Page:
Sir Bob Jones

Commentary on issues of the day from the property tycoon, author and former politician

Bob Jones: Who gives a toss what online ranters think

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This column usually induces a sizeable outpouring of internet comment, sometimes abusive, frequently missing the point, and occasionally leading to further exchanges between, says Jones. Photo / Sarah Ivey
This column usually induces a sizeable outpouring of internet comment, sometimes abusive, frequently missing the point, and occasionally leading to further exchanges between, says Jones. Photo / Sarah Ivey

I'm not being curmudgeonly, for - like Rhett Butler - I don't really give a damn, but I freely confess to bafflement at much modern world conduct arising from technology.

I'm bewildered by the obsessional use of cellphones; the constant telephoning and message-sending. I'm flabbergasted by Facebook and the desire to tell everyone what you're doing, no matter how mundane, and even more astonishing, that anyone should want to read this stuff, as I'm advised they do.

"Do you send texts?" I asked one of our secretaries in a spirit of inquiry, and on receiving her affirmation, asked for an example. "Well, if I've arranged to meet a girlfriend for drinks after work, I'll text to say I'm on my way." This declaration resulted in a stunned generational impasse of mutual bewilderment, the division mark probably being everyone under and over 50.

But most puzzling of all is the apparent need by many citizens to comment publicly, albeit anonymously, on absolutely everything.

Much of it is gratuitously abusive, such as the reported vitriolic outpouring of male Twitter spite directed at Marion Bartoli's alleged lack of beauty after she won Wimbledon. Thrilled as I was by Andy Murray's success, he's certainly no Adonis, but no woman feels the need to say so; rather, the whole of Britain (and me) rejoiced at his triumph.

This column usually induces a sizeable outpouring of internet comment, sometimes abusive, frequently missing the point, and occasionally leading to exchanges between the various commentators.

What specially fascinates me are the regular "I never read Jones but ..." opening preambles when plainly they do, plus the paroxysm of rage sometimes induced over the most innocuous remark.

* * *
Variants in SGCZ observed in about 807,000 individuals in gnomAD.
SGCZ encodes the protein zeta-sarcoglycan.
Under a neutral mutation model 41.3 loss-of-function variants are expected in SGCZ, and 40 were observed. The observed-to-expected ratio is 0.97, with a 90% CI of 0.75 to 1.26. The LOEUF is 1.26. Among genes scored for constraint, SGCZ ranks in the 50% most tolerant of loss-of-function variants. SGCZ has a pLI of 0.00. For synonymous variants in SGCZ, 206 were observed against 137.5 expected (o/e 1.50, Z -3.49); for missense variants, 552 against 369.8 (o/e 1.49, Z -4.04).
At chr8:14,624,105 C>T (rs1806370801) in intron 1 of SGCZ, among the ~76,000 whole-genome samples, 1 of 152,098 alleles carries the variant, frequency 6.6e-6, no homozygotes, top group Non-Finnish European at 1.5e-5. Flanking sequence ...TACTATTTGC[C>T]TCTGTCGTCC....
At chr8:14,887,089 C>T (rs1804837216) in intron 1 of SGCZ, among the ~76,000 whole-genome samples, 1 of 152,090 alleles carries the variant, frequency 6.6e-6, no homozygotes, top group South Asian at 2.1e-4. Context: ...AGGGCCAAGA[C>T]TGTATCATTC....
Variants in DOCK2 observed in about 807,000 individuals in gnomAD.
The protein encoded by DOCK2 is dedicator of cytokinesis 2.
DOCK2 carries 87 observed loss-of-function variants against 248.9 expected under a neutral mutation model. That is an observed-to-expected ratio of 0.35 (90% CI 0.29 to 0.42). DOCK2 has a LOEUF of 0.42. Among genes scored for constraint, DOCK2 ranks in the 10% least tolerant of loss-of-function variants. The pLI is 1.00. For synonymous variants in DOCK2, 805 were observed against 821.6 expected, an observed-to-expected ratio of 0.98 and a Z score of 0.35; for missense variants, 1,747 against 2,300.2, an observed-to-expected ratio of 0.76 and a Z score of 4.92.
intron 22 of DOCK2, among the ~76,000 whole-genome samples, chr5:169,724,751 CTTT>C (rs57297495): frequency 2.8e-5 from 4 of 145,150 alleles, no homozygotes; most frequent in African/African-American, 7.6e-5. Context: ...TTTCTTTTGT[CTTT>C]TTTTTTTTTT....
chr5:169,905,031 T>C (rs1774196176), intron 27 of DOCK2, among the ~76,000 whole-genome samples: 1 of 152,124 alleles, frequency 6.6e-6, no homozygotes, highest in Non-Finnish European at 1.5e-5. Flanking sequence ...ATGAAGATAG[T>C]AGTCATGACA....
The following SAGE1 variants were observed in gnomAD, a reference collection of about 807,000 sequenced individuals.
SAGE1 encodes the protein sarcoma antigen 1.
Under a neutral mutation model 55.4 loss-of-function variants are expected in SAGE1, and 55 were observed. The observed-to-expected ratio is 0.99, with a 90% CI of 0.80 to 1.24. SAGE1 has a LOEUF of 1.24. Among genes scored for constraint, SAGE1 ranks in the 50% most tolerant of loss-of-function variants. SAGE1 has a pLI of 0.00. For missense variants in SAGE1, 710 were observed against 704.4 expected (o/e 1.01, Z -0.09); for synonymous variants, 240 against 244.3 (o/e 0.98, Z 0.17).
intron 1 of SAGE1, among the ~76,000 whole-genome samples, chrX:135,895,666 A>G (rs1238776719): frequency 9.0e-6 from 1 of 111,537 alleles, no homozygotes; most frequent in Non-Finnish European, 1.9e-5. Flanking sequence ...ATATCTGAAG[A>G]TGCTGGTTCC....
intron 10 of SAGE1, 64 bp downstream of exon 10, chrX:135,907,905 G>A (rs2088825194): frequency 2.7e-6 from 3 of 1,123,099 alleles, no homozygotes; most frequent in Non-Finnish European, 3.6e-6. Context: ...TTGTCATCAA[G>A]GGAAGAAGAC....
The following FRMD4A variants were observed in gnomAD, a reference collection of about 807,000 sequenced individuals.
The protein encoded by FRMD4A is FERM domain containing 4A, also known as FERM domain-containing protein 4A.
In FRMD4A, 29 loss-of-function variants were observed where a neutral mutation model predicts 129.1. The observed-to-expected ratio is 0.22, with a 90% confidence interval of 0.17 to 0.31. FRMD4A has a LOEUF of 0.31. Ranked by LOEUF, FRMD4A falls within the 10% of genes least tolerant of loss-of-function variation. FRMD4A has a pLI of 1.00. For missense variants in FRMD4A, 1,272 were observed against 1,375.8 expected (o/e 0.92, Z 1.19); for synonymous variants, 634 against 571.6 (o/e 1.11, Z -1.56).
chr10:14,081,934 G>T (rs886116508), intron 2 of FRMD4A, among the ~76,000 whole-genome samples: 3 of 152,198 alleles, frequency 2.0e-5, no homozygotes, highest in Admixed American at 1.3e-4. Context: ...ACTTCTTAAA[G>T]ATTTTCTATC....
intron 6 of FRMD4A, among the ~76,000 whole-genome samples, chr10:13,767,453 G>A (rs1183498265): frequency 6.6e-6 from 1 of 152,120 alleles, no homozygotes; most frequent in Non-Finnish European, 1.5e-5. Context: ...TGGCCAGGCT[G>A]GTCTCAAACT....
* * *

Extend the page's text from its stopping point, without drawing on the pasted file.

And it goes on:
Imagine if I confined this column to a large photo of myself and the simple message, "The cat sat on the mat". On the evidence of past form here's a likely website reaction.

Struggling Worker, Henderson: "Yeah right, Mr Jones. Fine for the 1 per cent who can afford cats and mats but what about the rest of us?"

Doto, 54: "As always, more Jones sneering from on high, which is why I never read his column as every week it's the same garbage from start to finish."

Raupo, Morrinsville: "I also never read Mr Jones, but finally he's got something right. Our cat sits on a mat."

Shaun, Turangi Prison Farm: "It's an attack on Catholics - clear as day."

Anne, Whakatane: "Bob's wrong. Our cat only lies on a sofa."

JD, Wanganui: "Hang on, Anne. What colour's your cat?"

Anne, Whakatane: "It's ginger, JD."

JD, Wanganui: "Well there you go, Anne. It's obviously Irish and just being obstreperous. Normal cats sit on mats, as Bob said."

Struggling Worker, Henderson: "What none of you realise is that lots of us are battling to make ends meet and can't afford cats and mats. It's simply more of Jones' weekly arrogance, ridiculing the poor, which is why I never read his rubbish."

Margaret, Tauranga: "Lots of kittens are available free."

Struggling Worker, Henderson: "Yeah right, Margaret. But we're not all parasitically raking in rents from high-rise buildings and can afford to feed cats. And for that matter, who's giving away mats?"

Rose, Wanganui: "Your criticisms are unfair. Personally, I think Sir Robert is a national treasure, as our cat sits on a mat."

Walter, Mt Roskill: "Rose-tinted glasses, I'm afraid, Rose. How does Jones know all cats sit on mats? It's a typical Jones sweeping generalisation. Has he studied every cat in New Zealand? I don't think so."

Thucydides, Korea: "Sir Robert didn't say all cats sit on mats. He was referring to a cat - singular. Cats here in Korea sit on mats."

Struggling Worker, Henderson: "That may be so, Thucydides, but the Korean working man didn't have Rogernomics inflicted on him, otherwise we'd all have cats, and mats too, and not just Jones and his mate Key. It's typical Jones mocking the matless. He hates the poor."

Rangi, Te Awamutu: "He hates Maori too."

Frances, Pukekohe: "I reckon he hates cats."

Shaun, Turangi Prison Farm: "And Catholics."

Damian, Shortland Street: "And homosexuals."

Thinking Man, Manukau: "And Jews."

Annabel, Wellington: "And mats."

Fred, Napier: "He is a Jew."

Charles, Foxton: "No he's not. I know his sister. But he could be a homosexual."

Struggling Worker, Henderson: "Bring in capital gains tax then we'll all have cats and mats."

W.E., Titirangi: "We've got a rug. Does that count?"

Raupo, Matamata: "You're missing the critical point of the issue here, W.E. Do you have a cat?"

W.E., Titirangi: "Never thought of that, Raupo. We haven't got a cat but we've got a dog and it sits on the rug. Also, we've got a budgie."

Thinker, Hawera: "Rugs are different from mats, W.E. They're bigger and with a thicker texture. Bob's only talking about mats, and for that matter cats, so you're out of line."

Struggling Worker, Henderson: "Pay a living wage and we'd all have cats and mats plus dogs and rugs instead of just the Joneses of this world."

And on it goes, on and on. It's unbelievable.

Debate on this article is now closed.

- NZ Herald

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